By Bill Parry
Hunters Point is finally getting its library. Construction of the long-delayed $30 million project on Long Island City’s waterfront will begin this spring.
“The dream of building Hunters Point’s very own full-service library branch is now a reality,” City Councilman Jimmy Van Bramer (D-Sunnyside) said. “For nearly 15 years I have worked to make this day possible. Today we proudly announce shovels will hit the ground this spring. This beautiful neighborhood is a city within a city. Once this library is built it will become a crown jewel in the system.”
Scheduled to open in 2017, the 21,500-square-foot library will feature a rooftop terrace with sweeping views of the Manhattan skyline, reading rooms for all ages, a gallery and performance space and a reading garden. Celebrity architect Steven Holl is at the helm of the project, one that had to be scaled back last year because it was over-budget.
“It’s a very emotional day for me,” Friends of Queens Library at Hunters Point President Mark Christie said. “It’s not the original design but it’s beginning to grow on me. It’s going to be a good building no matter what the design. It will be a really good place to use your brain.”
Christie and other community leaders were exasperated at the delays for a project that was once slated for completion in 2009.
“It got to the point where I felt we were hoodwinked,” Christie said.
Former Community Board Chairman Joe Conley, who began campaigning for the library in the early ‘90s with community activist Terri Adams, recalls a more modest beginning.
“What we had asked for was a children’s library and community center,” Conley said. “The entire journey would make one hell of a book.”
While Christie blamed elected officials for hijacking the project for political gain, Conley rejected that premise, putting the blame solidly on Steven Holl.
“The architect had these grandiose plans and he wouldn’t budge on the design because he was putting his name on it,” Conley said. “It became a memorial to him instead of a library for the people.”
He added that Van Bramer delivered over $3 million in funding.
“It was Jimmy who came up with the extra money to finally get us over the finish line,” Conley said.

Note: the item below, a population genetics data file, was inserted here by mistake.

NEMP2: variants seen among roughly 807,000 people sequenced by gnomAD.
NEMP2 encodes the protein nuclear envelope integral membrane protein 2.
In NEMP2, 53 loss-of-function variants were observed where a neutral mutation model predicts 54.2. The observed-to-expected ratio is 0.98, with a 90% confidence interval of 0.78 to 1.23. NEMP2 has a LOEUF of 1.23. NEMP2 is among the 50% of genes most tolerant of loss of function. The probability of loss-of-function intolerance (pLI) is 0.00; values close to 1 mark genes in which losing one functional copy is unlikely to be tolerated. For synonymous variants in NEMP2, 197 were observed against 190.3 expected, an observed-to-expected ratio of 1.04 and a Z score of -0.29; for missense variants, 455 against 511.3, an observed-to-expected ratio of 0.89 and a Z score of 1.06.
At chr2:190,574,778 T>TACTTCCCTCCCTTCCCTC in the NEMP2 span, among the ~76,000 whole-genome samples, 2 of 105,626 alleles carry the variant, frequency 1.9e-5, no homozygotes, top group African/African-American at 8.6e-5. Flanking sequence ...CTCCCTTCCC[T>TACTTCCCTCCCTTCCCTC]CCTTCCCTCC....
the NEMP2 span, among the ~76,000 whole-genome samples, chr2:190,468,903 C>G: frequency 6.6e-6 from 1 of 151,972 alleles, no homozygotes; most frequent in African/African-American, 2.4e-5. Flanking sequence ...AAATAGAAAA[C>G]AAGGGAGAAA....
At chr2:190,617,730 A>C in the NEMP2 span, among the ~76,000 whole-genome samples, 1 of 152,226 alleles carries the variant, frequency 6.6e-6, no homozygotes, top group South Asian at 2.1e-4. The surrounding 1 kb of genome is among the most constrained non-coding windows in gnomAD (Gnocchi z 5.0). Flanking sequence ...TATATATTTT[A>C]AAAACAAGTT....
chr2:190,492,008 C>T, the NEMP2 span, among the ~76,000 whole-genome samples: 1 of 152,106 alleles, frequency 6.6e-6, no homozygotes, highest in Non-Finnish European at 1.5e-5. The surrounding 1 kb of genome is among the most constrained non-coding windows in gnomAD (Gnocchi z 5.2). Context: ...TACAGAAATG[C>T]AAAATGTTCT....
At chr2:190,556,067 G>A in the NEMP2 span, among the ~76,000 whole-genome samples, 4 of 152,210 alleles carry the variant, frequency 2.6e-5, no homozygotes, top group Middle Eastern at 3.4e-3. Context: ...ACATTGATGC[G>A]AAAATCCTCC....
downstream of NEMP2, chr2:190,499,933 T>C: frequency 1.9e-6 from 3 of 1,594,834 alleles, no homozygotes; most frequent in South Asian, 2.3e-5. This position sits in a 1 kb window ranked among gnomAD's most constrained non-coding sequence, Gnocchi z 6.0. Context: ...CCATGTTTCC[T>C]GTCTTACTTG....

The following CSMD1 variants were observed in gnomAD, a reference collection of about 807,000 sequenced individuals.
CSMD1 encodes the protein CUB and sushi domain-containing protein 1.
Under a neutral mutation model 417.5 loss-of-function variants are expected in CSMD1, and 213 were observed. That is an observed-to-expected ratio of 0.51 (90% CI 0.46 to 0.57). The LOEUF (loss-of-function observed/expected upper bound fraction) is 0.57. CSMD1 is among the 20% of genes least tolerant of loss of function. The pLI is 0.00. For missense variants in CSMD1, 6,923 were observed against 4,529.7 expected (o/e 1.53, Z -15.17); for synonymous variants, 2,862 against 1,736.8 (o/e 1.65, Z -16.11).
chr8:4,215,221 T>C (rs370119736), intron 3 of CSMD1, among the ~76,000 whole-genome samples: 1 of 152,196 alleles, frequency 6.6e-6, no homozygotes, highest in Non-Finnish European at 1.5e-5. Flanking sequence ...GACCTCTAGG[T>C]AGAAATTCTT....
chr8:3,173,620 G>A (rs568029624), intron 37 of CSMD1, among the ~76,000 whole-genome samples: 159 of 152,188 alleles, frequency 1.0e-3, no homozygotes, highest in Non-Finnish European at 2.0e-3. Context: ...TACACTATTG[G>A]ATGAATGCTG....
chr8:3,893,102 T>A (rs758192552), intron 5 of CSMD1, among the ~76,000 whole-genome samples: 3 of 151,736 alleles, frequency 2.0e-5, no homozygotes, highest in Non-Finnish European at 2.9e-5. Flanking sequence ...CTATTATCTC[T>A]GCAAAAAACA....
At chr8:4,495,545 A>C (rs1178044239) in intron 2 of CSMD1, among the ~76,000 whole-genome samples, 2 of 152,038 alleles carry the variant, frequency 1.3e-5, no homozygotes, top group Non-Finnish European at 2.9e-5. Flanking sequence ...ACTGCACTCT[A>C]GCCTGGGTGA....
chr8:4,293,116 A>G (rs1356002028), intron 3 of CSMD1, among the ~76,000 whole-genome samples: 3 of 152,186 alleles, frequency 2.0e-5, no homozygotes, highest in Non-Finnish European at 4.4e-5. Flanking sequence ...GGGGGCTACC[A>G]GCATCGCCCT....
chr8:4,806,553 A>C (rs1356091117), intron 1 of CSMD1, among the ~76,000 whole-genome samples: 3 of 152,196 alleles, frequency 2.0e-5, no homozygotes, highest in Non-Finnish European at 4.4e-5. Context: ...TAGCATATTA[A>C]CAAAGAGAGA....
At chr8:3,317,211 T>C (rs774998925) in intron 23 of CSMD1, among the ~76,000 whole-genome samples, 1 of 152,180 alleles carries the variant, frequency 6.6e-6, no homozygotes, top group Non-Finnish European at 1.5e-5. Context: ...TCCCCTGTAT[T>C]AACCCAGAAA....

Holl was traveling this week so Olaf Schmidt, the senior associate at Steven Holl Architects for Hunters Point Community Library, spoke for him.
“While we were waiting to bid the project, the cost of construction in New York greatly increased,” he said. “We made significant reductions to the design to offset the escalation of construction cost in the city and are happy to report these reductions have positioned the project where it can be approved to go forward. Working with Queens Library, stakeholders and the Department of Design and Construction, the key concepts of the design were maintained while at the same time significant adjustments were made such as a simplified landscape design, replacement of the foamed aluminum rains skin with painted concrete, changing the geothermal heating and cooling system to a conventional mechanical system and reduced interior finishes and details.”
Feniosky Pena-Mora, the commissioner of the city Department of Design and Construction, promised that residents of Long Island City will be proud of the new library.
“It is our responsibility to provide New Yorkers with buildings and services that are socially responsible, progressively designed, resilient and sustainable, while also taking into account the concerns of the communities that our projects are situated,” Pena-Mora said. “Residents can expect a building they will be proud of. It will represent the character of the community as it moves forward.”
Pena-Mora said the library will glow like a beacon at night and be very visible from Manhattan. “It will complement the Pepsi sign,” he said, “Where the Pepsi sign speaks to Long Island City’s history, the library will speak to the future of the community.”
Reach reporter Bill Parry by e-mail at email@example.com or by phone at (718) 260–4538.